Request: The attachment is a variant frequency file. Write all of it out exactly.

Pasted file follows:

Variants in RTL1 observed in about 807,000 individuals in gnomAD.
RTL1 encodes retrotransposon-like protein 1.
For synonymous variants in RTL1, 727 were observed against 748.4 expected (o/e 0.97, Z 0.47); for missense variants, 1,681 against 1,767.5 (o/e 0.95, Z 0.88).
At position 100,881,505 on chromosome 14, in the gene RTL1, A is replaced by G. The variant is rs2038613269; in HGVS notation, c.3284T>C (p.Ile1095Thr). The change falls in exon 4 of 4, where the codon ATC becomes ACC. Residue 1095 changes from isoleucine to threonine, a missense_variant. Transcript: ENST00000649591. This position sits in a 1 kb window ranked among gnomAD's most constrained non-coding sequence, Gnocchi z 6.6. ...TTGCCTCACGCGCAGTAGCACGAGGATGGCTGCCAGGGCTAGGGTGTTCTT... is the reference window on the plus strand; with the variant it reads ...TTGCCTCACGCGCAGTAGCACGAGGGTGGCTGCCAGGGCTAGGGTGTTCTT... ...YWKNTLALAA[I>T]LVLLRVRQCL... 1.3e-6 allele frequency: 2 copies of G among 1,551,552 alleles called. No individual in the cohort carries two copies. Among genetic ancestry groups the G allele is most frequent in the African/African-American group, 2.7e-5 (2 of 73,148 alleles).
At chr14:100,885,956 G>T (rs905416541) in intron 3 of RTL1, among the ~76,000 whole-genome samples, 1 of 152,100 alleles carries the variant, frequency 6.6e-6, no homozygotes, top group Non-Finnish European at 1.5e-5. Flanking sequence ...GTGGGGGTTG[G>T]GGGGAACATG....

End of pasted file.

Variants in RTL1 observed in about 807,000 individuals in gnomAD.
RTL1 encodes retrotransposon-like protein 1.
For synonymous variants in RTL1, 727 were observed against 748.4 expected (o/e 0.97, Z 0.47); for missense variants, 1,681 against 1,767.5 (o/e 0.95, Z 0.88).
At position 100,881,505 on chromosome 14, in the gene RTL1, A is replaced by G. The variant is rs2038613269; in HGVS notation, c.3284T>C (p.Ile1095Thr). The change falls in exon 4 of 4, where the codon ATC becomes ACC. Residue 1095 changes from isoleucine to threonine, a missense_variant. Transcript: ENST00000649591. This position sits in a 1 kb window ranked among gnomAD's most constrained non-coding sequence, Gnocchi z 6.6. ...TTGCCTCACGCGCAGTAGCACGAGGATGGCTGCCAGGGCTAGGGTGTTCTT... is the reference window on the plus strand; with the variant it reads ...TTGCCTCACGCGCAGTAGCACGAGGGTGGCTGCCAGGGCTAGGGTGTTCTT... ...YWKNTLALAA[I>T]LVLLRVRQCL... 1.3e-6 allele frequency: 2 copies of G among 1,551,552 alleles called. No individual in the cohort carries two copies. Among genetic ancestry groups the G allele is most frequent in the African/African-American group, 2.7e-5 (2 of 73,148 alleles).
At chr14:100,885,956 G>T (rs905416541) in intron 3 of RTL1, among the ~76,000 whole-genome samples, 1 of 152,100 alleles carries the variant, frequency 6.6e-6, no homozygotes, top group Non-Finnish European at 1.5e-5. Flanking sequence ...GTGGGGGTTG[G>T]GGGGAACATG....